Now we move to item 3, updates to previous petitions, 3.1, P-05-908, 'CF3 against the Incinerator'. The petition was submitted by Andrew Evans and was first considered in May 2020, having collected 2,224 signatures. The committee has now considered this petition on three occasions. It last considered the petition on 7 July. We agreed to seek clarification from the developers about the potential number of wagons to and from the plant, the capacity of the furnace, and the potential emissions from the plant, and also to note that a statutory consultation into the proposals is under way and a full planning application is due to be submitted in the autumn, and that we would keep a watching brief on developments at the current time. A response has been received from the Proteus Communications Group, and the petitioners have provided further comments. What action would you like to take on this issue? Jack.
Thanks, Chair. Again, I'm not too sure there's much we can do as a committee now. We've considered this on a number of occasions and done—. I think it's run its course, really. Given the fact that it has gone to the Planning Inspectorate, I don't think there's much more as a committee that we can do. So, I'd suggest we thank the petitioner and close it. It's certainly run its course, and we've given support where we can.
Okay. Do all Members agree?
Okay. Thank you.
Item 3.2, P-05-1003, 'Demand an EIA now on the dumping of radioactively contaminated mud in Welsh waters'. The petition was submitted by Cian—. Is that—?
Cian Ciaran—thanks. It was first considered in September 2020, having collected 10,692 signatures. The committee considered the petition for the first time on 15 September, and agreed to write to the Business Committee to seek time for a Plenary debate on the issue. The debate was held on 21 October and the petitioners have provided further views following that. How would you like to go forward? Leanne.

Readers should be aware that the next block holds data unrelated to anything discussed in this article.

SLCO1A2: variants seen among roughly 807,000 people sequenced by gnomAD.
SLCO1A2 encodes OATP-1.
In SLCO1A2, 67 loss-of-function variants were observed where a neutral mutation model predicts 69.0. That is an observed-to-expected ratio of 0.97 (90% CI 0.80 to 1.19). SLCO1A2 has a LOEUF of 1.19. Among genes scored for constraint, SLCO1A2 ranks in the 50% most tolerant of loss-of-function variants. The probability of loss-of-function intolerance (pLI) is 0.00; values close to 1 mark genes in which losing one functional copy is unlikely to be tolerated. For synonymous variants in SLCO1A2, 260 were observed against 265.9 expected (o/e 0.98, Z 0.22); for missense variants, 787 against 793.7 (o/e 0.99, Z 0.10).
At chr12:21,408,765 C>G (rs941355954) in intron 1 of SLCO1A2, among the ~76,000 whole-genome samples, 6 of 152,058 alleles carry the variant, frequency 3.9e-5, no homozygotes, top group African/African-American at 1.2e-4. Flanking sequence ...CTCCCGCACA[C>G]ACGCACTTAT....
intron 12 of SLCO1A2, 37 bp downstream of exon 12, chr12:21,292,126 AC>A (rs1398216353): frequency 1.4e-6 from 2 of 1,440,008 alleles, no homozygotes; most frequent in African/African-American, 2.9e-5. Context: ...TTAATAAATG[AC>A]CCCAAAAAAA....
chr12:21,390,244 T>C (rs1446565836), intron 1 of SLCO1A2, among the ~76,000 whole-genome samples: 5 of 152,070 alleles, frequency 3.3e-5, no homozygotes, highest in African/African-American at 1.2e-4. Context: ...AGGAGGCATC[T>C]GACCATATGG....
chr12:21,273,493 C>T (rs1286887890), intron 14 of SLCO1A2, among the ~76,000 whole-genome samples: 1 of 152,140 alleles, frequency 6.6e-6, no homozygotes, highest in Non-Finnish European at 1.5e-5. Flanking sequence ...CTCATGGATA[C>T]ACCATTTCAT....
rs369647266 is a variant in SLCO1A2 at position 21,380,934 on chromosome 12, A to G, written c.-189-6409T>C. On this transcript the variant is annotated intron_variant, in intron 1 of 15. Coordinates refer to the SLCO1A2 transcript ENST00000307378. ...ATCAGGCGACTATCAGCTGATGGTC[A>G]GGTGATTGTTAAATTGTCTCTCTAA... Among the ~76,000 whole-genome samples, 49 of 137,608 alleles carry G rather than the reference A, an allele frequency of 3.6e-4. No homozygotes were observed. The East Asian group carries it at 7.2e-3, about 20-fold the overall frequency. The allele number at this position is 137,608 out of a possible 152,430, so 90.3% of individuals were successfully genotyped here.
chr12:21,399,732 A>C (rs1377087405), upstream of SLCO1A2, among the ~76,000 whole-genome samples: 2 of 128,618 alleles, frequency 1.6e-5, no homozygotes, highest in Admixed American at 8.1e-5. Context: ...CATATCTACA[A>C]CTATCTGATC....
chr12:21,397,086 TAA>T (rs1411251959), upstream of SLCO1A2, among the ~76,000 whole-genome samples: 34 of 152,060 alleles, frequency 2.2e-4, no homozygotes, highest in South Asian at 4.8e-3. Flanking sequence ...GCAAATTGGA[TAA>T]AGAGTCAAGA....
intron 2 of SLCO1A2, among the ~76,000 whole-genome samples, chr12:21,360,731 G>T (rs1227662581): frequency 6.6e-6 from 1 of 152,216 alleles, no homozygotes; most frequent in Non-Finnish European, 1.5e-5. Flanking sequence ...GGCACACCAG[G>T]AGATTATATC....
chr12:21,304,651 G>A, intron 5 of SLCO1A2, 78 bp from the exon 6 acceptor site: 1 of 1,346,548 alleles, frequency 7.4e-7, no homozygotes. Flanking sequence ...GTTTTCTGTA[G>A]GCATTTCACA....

Clearly, a large number of people have concerns about this, and I don't think their concerns have been addressed by the actions so far. I think the committee could write, now, to Natural Resources Wales, to seek an update on the marine licensing process for this application, and I think we can ask them to respond to the additional responses that we've received from Cian Ciaran and the other petitioners on this.
Okay. Moving forward to P-05-914, 'Equal Access to Health Care for the Disabled.' This petition was submitted by Tracy Locke and was first considered in November 2019, having collected 121 signatures. The committee has discussed this petition on four occasions. We last considered it on 17 July and agreed to write to all local health boards to ask for details of how many GP practices in their areas provide adjustable treatment beds and hoists for the use of disabled patients. The committee also wrote to Shine and to the Spinal Injuries Association to seek their views and experiences of the provision of adjustable treatment beds and hoists in GP services in Wales. Responses have been received from five health boards, Shine and the British Medical Association Cymru. The petitioner has also provided further comments for you there. How would you like to go forward on this issue? Leanne.
Well, this petition has—we’ve received it on four different occasions now, and it’s certainly shone a light on the problem that people face with this. I’m quite staggered at the variance in information that’s been received. Maybe there were differences in understanding of the questions, but not all health boards have responded, and a very uneven picture has been painted of this. I think we should go back to the Minister and draw attention to the further information that’s been gathered here and to the suggestions that have been made around developing cluster arrangements for GP practices to be able to access equipment on a loan scheme. And in line with the proposal from the BMA, the committee could also ask whether the Government will consider instigating discussions with health boards and patient groups such as Shine in order to develop solutions to this problem. It’s clear that there is a group of people here who are being let down by not being able to have access to basic equipment so that they can access services in their GP surgeries.
Okay. Does everybody agree with those proposals?